I live in an area with a rich history. I am up the road from one of the Seven Wonders of the World. Yet I’ve never been. I live a two-hour plane ride from Mexico City, but I haven’t made the trip. Chichen Itza is an ancient ruined Mayan city, occupying a vast space. A visit entails a lot of walking in the open sun. I need to sit often, and sometimes become winded just moving from my sofa to my kitchen sink. And that’s without mentioning the challenges of sun exposure, even with an umbrella.
Mexico City, at 7,350 feet, sits higher than Denver, I have lung issues, so breathing could be a serious issue. And that’s not forgetting the cooler temperatures — my Raynaud’s would never forgive me.
I think of the things that I’d planned to do when I was finished raising my children. Travel was part of that; living abroad, too. I wanted to give Ireland a shot. I still want to visit Germany, and I’d like to see some of the places in my backyard. I do my best to accommodate my illness, but it seems to do nothing to reciprocate. This leaves me with many emotions — sometimes even a good therapy session fails to alleviate the knots in my mind.
Sometimes I get angry because I believe that I am entitled to good health and happiness without question. Then I think of all the wonderful people I know who share this battle. They were getting on with their lives, working, raising kids, traveling, doing charity work — many of them were making a difference — then their lives were set on “pause.” When we hit the “play button” again, nothing was the same. We looked in the mirror, and some of us even looked different — in my case, I lost over 60 pounds in less than three months.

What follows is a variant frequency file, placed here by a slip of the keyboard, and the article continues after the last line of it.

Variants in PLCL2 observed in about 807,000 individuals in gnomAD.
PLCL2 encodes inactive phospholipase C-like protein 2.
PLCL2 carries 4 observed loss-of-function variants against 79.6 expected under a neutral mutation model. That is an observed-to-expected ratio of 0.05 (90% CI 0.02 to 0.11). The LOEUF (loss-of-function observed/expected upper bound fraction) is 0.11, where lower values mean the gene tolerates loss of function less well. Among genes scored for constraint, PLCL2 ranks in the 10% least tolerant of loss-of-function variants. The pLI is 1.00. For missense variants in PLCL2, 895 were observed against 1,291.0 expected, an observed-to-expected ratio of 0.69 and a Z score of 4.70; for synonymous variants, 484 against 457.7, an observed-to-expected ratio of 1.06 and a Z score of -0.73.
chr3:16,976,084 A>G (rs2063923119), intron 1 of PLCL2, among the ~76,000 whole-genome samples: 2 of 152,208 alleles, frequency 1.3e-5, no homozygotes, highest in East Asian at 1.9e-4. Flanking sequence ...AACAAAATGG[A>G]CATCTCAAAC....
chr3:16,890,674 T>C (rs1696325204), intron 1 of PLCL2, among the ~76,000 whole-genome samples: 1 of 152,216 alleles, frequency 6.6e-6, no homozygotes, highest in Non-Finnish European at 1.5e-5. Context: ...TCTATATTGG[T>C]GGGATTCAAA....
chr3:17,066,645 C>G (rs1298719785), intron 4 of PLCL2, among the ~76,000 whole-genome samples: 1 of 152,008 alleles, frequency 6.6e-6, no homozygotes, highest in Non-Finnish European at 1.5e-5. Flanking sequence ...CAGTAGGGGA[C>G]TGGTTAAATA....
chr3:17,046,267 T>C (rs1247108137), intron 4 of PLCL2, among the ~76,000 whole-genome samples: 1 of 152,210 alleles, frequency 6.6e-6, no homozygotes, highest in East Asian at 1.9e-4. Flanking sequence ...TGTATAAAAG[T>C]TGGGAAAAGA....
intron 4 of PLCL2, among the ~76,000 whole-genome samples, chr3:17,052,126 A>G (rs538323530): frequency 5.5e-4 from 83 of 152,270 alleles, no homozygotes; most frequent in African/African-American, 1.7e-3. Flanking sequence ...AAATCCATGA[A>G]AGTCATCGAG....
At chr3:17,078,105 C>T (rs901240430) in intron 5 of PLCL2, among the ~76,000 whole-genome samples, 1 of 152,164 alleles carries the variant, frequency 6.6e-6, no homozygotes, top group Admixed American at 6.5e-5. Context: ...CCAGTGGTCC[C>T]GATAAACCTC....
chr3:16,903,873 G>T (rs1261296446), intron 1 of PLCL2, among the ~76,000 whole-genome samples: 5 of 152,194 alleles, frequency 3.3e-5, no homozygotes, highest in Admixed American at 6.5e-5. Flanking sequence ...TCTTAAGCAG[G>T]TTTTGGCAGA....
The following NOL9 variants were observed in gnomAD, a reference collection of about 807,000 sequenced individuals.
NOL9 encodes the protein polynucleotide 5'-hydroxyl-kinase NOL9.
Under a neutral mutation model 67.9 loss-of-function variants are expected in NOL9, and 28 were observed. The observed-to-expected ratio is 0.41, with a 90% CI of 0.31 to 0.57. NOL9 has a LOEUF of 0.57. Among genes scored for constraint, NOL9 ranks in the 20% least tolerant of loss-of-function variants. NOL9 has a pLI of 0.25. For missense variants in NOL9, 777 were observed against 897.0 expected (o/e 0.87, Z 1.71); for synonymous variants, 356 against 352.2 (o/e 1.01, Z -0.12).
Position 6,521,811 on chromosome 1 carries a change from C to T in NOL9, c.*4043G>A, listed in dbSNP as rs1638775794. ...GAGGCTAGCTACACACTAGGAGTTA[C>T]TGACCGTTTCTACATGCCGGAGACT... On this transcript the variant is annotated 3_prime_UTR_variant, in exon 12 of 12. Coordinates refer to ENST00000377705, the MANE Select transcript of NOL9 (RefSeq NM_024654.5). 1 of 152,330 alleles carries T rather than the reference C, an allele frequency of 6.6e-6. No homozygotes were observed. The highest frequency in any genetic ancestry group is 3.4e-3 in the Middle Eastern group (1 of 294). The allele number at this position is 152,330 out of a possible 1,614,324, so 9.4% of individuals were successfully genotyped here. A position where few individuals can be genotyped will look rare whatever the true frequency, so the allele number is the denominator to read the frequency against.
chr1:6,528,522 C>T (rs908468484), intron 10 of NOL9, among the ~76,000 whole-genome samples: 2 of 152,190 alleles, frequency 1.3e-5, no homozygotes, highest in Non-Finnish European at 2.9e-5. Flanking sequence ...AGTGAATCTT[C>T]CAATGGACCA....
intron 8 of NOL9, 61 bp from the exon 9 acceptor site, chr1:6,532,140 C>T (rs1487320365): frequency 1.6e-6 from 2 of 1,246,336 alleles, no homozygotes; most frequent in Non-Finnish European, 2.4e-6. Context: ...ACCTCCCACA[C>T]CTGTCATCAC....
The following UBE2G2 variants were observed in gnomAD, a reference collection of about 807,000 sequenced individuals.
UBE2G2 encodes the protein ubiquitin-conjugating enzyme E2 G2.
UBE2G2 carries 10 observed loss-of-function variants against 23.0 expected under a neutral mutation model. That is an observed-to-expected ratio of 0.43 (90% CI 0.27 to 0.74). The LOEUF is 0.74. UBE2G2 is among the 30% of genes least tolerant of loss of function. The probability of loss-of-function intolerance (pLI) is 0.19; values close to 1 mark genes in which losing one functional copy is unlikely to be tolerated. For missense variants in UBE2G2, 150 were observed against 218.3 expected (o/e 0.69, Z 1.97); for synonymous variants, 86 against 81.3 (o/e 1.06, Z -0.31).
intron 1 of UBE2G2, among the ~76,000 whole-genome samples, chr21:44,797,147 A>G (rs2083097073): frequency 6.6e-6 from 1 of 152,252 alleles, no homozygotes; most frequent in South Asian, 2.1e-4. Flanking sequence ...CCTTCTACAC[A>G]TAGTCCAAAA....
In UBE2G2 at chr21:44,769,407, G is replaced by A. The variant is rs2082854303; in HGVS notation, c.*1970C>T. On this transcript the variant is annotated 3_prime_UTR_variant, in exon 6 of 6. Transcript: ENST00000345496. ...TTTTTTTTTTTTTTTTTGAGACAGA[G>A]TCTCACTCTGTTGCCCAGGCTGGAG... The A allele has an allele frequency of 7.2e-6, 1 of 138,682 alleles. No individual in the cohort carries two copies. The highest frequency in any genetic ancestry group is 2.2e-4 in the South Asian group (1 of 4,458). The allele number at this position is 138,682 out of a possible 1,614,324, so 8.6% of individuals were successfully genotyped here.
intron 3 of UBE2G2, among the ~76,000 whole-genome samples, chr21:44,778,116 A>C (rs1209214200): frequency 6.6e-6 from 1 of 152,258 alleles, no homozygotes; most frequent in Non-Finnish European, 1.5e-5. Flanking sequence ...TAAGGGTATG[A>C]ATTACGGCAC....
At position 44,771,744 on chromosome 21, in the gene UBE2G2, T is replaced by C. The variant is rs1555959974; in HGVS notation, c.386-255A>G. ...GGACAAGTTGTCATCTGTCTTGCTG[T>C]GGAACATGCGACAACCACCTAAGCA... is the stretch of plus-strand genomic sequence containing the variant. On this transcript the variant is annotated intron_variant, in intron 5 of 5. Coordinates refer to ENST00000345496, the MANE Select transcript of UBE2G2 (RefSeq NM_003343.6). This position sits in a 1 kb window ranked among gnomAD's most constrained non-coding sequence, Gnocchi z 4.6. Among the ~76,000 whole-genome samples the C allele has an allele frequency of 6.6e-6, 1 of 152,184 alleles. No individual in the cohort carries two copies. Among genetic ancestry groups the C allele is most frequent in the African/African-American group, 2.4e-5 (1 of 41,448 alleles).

I have previously written about seeking reasons for this disease, but no one can provide answers to my questions. However, I have reflected on the life I led and the provisions I made for myself. Right around the time my last child graduated from college and was due to leave the nest, I got sick. I didn’t even get a month to do any of the things I’d planned while I raised my family, built businesses, eliminated debts, and saved large portions of my earnings. All my savings have gone to lupus.
How dare this illness steal many of my hopes and dreams? I tell myself that despite lupus, I’ve got to pursue some of my goals, though I’ll have to change the way I’d intended to achieve them. I consider lupus with almost every move I make. I resent my inability to travel and engage in various activities. I was looking forward to my kids leaving home because I would no longer have to factor in others’ needs and wants. I travel solo for those reasons. But now I am almost afraid to go anywhere unfamiliar in case something happens. What kind of a life is that?
I ask myself why, and ponder the reasons more than I should. Then I think, who am I to believe that I’m more deserving than others, that I shouldn’t be facing this challenge? Who do I think I am? After years in denial, I am working on acceptance and, let me be frank, I suck at it. I feel defeated, angry, and sad. I acknowledge that I may never get to accomplish the things I’d wanted. But I am grateful for the experiences I’ve had.
I guess I am someone who is doing her best to turn her adversity into something positive. I’ll share a Joel Osteen quote that I like: “You’re going to go through tough times — that’s life. But I say, ‘Nothing happens to you, it happens for you.’ See the positive in negative events.” I’m working on that.
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